The two sides spent the half-hour march flinging taunts at each other across the police line. A pro-Palestinian protester held up a sign that said “There’s plenty of land in hell.” A group of pro-Israeli counterprotesters chanted “human shields” while a group of protesters held up photos of fallen Palestinian children.

At a few points, the protest looked like it was going to cause clashes with locals in their own homes.

When a local started to film the protest from his house, a man draped in a Palestinian flag walked up to his driveway and started to yell, “Come outside, bitch!” Organizers talked the protester down. “Let them film,” Weissman said. “What do we have to hide?”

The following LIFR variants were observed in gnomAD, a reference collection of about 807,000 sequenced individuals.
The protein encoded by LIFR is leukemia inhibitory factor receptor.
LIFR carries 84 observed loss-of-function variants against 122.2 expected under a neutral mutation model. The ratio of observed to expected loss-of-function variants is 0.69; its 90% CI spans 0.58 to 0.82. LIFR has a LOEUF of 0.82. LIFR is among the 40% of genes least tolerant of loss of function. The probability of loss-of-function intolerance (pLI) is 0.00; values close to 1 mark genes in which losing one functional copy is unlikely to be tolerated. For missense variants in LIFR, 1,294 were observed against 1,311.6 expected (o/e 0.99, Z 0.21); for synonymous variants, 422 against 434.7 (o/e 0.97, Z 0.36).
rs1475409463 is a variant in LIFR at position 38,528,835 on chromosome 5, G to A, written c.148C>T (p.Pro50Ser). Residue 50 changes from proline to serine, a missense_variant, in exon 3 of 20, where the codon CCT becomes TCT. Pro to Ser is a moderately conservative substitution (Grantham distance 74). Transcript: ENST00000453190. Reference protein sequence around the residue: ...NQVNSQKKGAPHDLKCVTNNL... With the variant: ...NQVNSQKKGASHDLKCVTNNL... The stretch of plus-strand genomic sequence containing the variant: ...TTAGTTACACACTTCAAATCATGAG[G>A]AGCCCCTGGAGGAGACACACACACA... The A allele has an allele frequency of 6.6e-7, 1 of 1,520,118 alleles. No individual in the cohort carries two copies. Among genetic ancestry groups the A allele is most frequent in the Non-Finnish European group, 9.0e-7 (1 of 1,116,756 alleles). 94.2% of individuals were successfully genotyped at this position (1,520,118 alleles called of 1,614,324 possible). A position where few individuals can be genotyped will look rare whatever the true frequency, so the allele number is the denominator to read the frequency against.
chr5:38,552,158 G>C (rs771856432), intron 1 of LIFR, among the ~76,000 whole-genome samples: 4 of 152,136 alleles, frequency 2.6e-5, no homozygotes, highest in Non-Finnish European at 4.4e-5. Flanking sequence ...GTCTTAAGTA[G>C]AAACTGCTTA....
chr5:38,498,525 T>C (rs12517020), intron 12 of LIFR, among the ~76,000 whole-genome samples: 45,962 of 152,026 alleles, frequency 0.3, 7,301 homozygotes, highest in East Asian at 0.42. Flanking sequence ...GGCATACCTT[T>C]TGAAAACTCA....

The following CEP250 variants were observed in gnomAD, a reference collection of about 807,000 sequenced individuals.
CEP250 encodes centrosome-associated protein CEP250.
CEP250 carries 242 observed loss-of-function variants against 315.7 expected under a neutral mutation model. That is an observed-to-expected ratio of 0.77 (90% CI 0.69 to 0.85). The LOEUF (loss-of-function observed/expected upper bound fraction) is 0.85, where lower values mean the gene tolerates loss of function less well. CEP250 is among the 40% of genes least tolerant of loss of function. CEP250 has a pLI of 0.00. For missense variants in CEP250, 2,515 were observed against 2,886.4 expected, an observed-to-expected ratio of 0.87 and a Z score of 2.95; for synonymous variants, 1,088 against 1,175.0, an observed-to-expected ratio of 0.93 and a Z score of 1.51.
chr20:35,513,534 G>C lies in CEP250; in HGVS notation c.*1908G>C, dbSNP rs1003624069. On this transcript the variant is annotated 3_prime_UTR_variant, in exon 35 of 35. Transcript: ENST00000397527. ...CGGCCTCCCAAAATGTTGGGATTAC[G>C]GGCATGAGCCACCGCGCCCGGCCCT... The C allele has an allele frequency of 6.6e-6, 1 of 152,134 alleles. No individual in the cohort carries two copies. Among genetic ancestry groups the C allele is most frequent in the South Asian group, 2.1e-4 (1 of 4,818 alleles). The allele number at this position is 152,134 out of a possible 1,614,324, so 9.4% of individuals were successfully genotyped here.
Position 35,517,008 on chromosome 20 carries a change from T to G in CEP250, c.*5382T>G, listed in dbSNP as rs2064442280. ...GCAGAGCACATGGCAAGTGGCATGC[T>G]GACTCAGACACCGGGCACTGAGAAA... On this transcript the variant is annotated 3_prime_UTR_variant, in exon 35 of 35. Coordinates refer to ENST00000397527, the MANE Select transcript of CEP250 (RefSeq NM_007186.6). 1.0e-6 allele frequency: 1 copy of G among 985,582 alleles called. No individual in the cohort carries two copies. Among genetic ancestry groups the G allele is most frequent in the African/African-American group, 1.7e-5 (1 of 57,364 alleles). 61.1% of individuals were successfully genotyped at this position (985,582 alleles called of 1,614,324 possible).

Later, the same scene repeated on the other side. A local shouted “Free Palestine” from her window, and a group of counterprotesters wearing Israeli flags stepped onto her lawn. “Free what? Why don’t you come outside!” one of them shouted. After a few seconds, they apparently got bored and walked away.

At the end of the day, that was the difference between Teaneck and the West Bank. For all the strong feelings and even personal connections that Teaneck residents had towards the region, everyone involved could choose to walk away.